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‘Ottawa is the city that fun’s going to remember’: Ottawa hires new ‘Night Mayor’

Mathieu Grondin is Ottawa’s new ‘Night Mayor.”

Mayor Mark Sutcliffe introduced Grondin as Ottawa’s new ‘nightlife commissioner’ on Tuesday, who will be tasked with helping to shape the city’s nightlife and shaking off the city’s image as the ‘town that fun forgot.’

“I think Ottawa is the city that fun’s going to remember,” Grondin said.

Grondin was born and raised in Montreal. He was the founder and director general of the non-profit organization MTL 24/24.

“I have a lot of experience in nightlife governance and this job is about policy making. I spent the last five years being a strategic partner with the City of Montreal to develop the nighttime economy in Montreal,” Grondin said. “This is my expertise – I’ve been going around the world, I’ve been studying nightlife management in other cities.”

Council voted last year to introduce a new Ottawa Nightlife Economy Action Plan, focusing on leisure, live entertainment and cultural activities during the 6 p.m. and 6 a.m. period, and looking beyond just bar and restaurant activity.  The strategy will focus on “safety, cultural tourism/industry initiatives, economic development and commercial vibrancy.”

The new nightlife economy plan includes the creation of the ‘Nightlife Commissioner’s Office’, with the nightlife commissioner tasked with working with businesses, city officials, regulators and the public to develop and implement a plan to support Ottawa’s 6 p.m. to 6 a.m. economy.

“Ottawa’s economy is at a major inflection point right now,” Sutcliffe said. ” We are facing significant threats, but I believe we are also presented with some unique and exciting opportunities.”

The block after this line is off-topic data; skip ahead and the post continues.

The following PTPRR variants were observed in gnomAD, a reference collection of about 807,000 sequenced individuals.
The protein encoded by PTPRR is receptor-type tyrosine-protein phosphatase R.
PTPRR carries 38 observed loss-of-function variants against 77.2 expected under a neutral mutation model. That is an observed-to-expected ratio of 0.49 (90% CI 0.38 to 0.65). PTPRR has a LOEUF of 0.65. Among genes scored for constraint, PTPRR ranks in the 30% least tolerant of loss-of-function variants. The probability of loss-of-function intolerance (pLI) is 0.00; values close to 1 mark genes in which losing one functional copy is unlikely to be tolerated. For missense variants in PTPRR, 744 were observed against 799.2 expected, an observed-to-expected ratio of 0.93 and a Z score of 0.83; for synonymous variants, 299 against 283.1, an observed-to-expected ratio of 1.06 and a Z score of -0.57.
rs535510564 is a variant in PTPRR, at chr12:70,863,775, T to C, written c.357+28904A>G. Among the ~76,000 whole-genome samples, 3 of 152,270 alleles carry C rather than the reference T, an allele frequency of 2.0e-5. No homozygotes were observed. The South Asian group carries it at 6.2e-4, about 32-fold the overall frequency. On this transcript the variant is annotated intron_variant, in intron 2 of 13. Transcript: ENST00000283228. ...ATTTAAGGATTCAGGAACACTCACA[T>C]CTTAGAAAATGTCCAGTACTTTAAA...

Grondin says he’s looking forward to working with staff on the new Ottawa Nightlife Economy Action Plan, and will listen and speak with many stakeholders in the weeks and months ahead.

“I am not the night mayor, but I beyond humbled and excited to stand before you as Ottawa’s first-ever nightlife commissioner,” Grondin told reporters at Ottawa City Hall, adding he will be moving to Ottawa for the position.

“I feel fortunate to have the support of the mayor’s office, city senior leadership and the economic development services team as I lead the implementation of the nightlife economy action plan and identify new opportunities to drive economic and cultural growth and prosperity after hours.”

Grondin comes to Ottawa from Montreal and is urging patience as he implements the new plan.

“I’m not going to tell you today what needs to be done to downtown. I just got here, it’s my second day on the job,” Grondin said.

“I want to take the time to feel the beat of the city; give me a few months and we’ll discuss that later at the end of summer.”

The City of Ottawa outlined Grondin’s experience in a memo to council.

“Mathieu is widely recognized as a global leader in nightlife advocacy with more than 10 years of experience focusing on issues and opportunities related to nighttime governance and the nightlife economy,” Sheilagh Doherty, interim director of Economic Development Services, said in a statement.

“Since 2017, he has worked as the founder and director general of MTL 24/24, a non-profit organization that advocates for improved nightlife in Montreal.”

The nightlife commissioner’s salary is $112,000 a year.

When asked why he wanted to be the city’s first nightlife commissioner, Grondin said, “I wanted this job because cities must create this position to take care of nightlife.

“It’s important for cities to have a vibrant cultural life at night, it’s a great way to retain the workforce, socialized youth drive commercial and cultural growth and Ottawa is the leader, is at the forefront of nightlife governance in Canada.”

Grondin graduated from Concordia University in 2004 with a Bachelor of Fine Arts.

Grondin and MTL 24/24 are credited with spearheading several initiatives in Montreal, including all-night-parties and Nuit Blanche. MTL 24/24 received funding from the city of Montreal between 2020 and 2023. 

A report released by the organization in 2022 called on Montreal to grant 24-hour liquor licenses to bars and restaurants, and “consider adding as a condition for these new 24-hour licenses a commitment to present programming that showcases the local cultural scene.”

The organization also recommended restructure zoning in certain areas to facilitate the location of nightlife cultural projects.

The report, called “Montreal 24 Hours: An Economic Report on the City’s Sociocultural Nightlife,” said if Montreal’s nightlife tourism grew from 22 per cent to 33 per cent of all tourists to the city, an additional $676 million would be injected into the economy.

“Montreal must encourage and maintain dialogue and collaboration amongst nightlife economic actors, residents, and night owls,” the report said.

With files from The Canadian Press

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